Suffering with the Saints

On this very day, two years ago, she played her final song.

How can it be? How can it be that two years have gone by without her beaming smile, the sound of her feet skipping down the hall, stacks of unfinished drawings left haphazardly on the table and giggles echoing from the room where she shared late night secrets with her sister? How can it be that long since I have hugged her thin shoulders, braided her wild locks, or held her hand in mine?

So much has changed in the course of two years.

In February, we received the news that our new home, All Saints Farm, was finished and we began the process of moving. I did my best to sift, sort, and pack up our things in the midst of homeschooling, chasing a very active toddler, and carrying another little one inside of me. Every nook and cranny to be packed up became a final opportunity to unearth a precious relic of her life. An undiscovered piece of art, her name written on a slip of paper buried at the bottom of a bin of toys, a handwritten note declaring her love for us, and a blonde curl that a kind nurse urged me to cut and keep on the day she died all represented the fullness of Evie’s life. As we opened the door to our new home on the Feast of Saint Joseph it felt as if we were closing the final door on so many memories of our precious daughter and crossing the threshold of a new life.

In June, we welcomed little Miriam Hope to our family. We were blessed with another little girl and God answered our prayers for a full-term delivery and healthy baby. Her arrival brought both joy and sorrow as we offered up our gratitude for this precious gift, yet mourned the fact that our two youngest children will never meet their big sister.

 

August brought another round of birthdays for the girls. Evie would have been thirteen. Again, we ate cake without her and sent balloons soaring into the sky. Her sisters are another year older. Cecilia, tall for her age, wears the clothes that Evie wore shortly before she died. By the end of this day Eden, now eleven, will have outlived her big sister. She uses many of the same school books that Evie was using before her death and plays the same songs on the piano.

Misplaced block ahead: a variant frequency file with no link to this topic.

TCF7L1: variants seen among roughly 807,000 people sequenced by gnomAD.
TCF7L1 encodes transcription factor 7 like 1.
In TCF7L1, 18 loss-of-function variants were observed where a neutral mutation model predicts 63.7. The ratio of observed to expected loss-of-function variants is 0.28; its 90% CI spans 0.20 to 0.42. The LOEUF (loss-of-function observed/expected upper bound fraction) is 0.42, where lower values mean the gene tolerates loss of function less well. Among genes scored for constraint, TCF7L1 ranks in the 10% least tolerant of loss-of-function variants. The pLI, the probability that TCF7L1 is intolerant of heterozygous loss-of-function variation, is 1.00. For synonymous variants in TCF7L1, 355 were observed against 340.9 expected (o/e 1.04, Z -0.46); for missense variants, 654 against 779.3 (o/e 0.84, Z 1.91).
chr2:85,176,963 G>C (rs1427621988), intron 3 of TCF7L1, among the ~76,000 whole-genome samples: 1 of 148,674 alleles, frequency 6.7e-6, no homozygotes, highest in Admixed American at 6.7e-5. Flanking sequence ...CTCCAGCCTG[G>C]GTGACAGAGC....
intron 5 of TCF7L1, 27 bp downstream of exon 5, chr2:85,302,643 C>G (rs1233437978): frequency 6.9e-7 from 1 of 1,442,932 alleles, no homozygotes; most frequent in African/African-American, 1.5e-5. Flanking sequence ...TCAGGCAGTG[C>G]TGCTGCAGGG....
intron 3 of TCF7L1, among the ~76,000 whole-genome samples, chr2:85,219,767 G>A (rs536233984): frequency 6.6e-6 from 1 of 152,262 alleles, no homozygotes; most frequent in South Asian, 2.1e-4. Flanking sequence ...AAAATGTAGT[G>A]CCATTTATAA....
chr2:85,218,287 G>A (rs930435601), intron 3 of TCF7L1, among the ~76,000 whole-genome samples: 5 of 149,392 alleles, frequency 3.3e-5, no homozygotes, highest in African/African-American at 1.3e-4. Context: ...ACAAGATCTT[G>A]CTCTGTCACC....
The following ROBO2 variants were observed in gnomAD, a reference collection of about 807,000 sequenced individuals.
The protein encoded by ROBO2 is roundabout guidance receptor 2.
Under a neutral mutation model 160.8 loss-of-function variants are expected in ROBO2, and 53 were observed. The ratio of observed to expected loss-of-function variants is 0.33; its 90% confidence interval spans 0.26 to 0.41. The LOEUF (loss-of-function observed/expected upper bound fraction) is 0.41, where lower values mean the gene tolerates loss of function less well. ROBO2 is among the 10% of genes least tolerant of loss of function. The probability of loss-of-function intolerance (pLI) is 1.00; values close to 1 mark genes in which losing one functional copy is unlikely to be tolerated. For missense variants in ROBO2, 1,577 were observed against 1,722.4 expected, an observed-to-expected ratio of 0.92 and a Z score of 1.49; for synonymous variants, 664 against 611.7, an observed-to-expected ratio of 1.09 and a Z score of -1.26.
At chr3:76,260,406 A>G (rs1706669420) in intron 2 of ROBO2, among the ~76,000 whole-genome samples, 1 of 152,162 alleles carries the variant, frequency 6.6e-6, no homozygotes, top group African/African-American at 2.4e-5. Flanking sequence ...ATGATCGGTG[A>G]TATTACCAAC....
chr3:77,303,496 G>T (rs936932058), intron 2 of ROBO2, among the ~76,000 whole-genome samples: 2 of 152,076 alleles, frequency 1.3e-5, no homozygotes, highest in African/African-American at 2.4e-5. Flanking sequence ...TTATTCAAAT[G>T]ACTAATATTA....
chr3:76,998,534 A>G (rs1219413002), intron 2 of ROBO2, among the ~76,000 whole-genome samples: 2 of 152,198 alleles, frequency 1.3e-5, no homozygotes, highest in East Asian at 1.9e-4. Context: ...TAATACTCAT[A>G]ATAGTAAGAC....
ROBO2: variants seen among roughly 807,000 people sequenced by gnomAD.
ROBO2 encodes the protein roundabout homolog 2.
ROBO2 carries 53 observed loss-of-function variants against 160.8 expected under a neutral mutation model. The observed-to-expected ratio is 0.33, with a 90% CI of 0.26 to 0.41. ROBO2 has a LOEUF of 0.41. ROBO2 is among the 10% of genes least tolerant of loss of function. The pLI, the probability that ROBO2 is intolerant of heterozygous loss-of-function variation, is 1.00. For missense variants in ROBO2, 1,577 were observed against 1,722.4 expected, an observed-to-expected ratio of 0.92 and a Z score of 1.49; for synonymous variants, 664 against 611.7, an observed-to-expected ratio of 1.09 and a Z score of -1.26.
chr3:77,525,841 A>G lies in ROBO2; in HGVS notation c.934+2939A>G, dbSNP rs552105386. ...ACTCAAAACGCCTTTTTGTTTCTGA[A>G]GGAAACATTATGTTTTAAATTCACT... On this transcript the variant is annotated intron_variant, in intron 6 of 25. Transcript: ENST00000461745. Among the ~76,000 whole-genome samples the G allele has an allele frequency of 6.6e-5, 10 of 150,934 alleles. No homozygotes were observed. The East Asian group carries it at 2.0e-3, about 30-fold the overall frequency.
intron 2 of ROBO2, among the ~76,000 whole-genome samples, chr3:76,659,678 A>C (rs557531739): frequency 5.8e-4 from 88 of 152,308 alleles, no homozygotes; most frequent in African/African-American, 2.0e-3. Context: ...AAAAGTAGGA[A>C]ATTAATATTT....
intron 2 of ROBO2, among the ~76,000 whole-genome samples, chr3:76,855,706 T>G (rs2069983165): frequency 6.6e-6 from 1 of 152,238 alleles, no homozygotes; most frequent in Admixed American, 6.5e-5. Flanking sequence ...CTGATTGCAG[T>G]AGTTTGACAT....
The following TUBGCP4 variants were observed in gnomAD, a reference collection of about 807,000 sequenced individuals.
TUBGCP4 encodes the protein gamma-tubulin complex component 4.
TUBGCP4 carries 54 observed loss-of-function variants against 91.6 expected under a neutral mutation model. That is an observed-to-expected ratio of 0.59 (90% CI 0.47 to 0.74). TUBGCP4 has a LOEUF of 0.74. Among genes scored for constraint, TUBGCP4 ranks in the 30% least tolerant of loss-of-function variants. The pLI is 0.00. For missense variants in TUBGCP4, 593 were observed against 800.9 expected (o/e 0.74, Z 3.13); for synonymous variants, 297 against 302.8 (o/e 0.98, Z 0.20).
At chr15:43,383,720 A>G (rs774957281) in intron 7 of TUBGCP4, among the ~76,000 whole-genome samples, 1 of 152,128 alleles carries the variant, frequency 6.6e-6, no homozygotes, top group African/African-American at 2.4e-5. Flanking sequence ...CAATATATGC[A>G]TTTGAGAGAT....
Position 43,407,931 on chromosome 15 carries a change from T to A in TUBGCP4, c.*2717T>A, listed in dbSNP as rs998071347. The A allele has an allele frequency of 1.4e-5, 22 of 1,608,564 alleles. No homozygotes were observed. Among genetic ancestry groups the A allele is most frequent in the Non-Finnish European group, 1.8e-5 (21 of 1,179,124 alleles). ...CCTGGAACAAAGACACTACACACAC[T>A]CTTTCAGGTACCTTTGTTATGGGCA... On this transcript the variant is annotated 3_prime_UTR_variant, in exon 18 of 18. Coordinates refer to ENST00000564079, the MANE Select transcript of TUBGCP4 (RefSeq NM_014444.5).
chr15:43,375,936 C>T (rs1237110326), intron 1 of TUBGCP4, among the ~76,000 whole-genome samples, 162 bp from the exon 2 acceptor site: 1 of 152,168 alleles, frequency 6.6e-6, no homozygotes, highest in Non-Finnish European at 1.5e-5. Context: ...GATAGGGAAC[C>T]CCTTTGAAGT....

September ushered in a new school year for us all. Our oldest son Micaiah headed to high school and the girls began their fifth and first grade years at home. As the month faded away along with the lazy days of summer, I told myself the anniversary of Evie’s death was not going to bother me as much this year. After all, I miss her every day. Rarely a moment goes by that I am not thinking of her. What difference does one particular day make?

But then the calendar flipped to October. The leaves began their metamorphosis and the temperature dropped. Carved pumpkins and Mums lined front porches. My Facebook feed began to trickle with pictures of children dressed in costume. I couldn’t even enter a store without bumping into plastic spiders and creepy skeletons. Despite my attempts to shut my eyes and ears to the scene around me, my body remembers the trauma of that day and I feel the heavy cloak of sadness envelop me. My kids feel it too. They cry more than usual and refuse to go places and do things that bring back those painful memories.

In the wee hours of the night, when all is dark and still, I relive her death and the truth of it still shocks me and takes my breath away. She is dead. My daughter is dead. How am I still alive? Each day, for the past two years I have wondered how I will carry on without her. How can I survive the unthinkable?

Yet, I wake, pull the covers off, and put two feet on the floor. I change diapers, fold laundry and clean toilets. I gather eggs, wipe counters, and cook meals. I make mistakes and ask for forgiveness. I laugh at my toddler’s silly antics and kiss my baby’s soft cheeks. I teach my children about Jesus, math, and history. I embrace my husband and relish time spent in conversation. I’ve made room for joy and sorrow in the spaces of my soul.

I’ve learned to live again because He lives. This life, with all of its pain and suffering is my path to holiness and heaven is my final destination.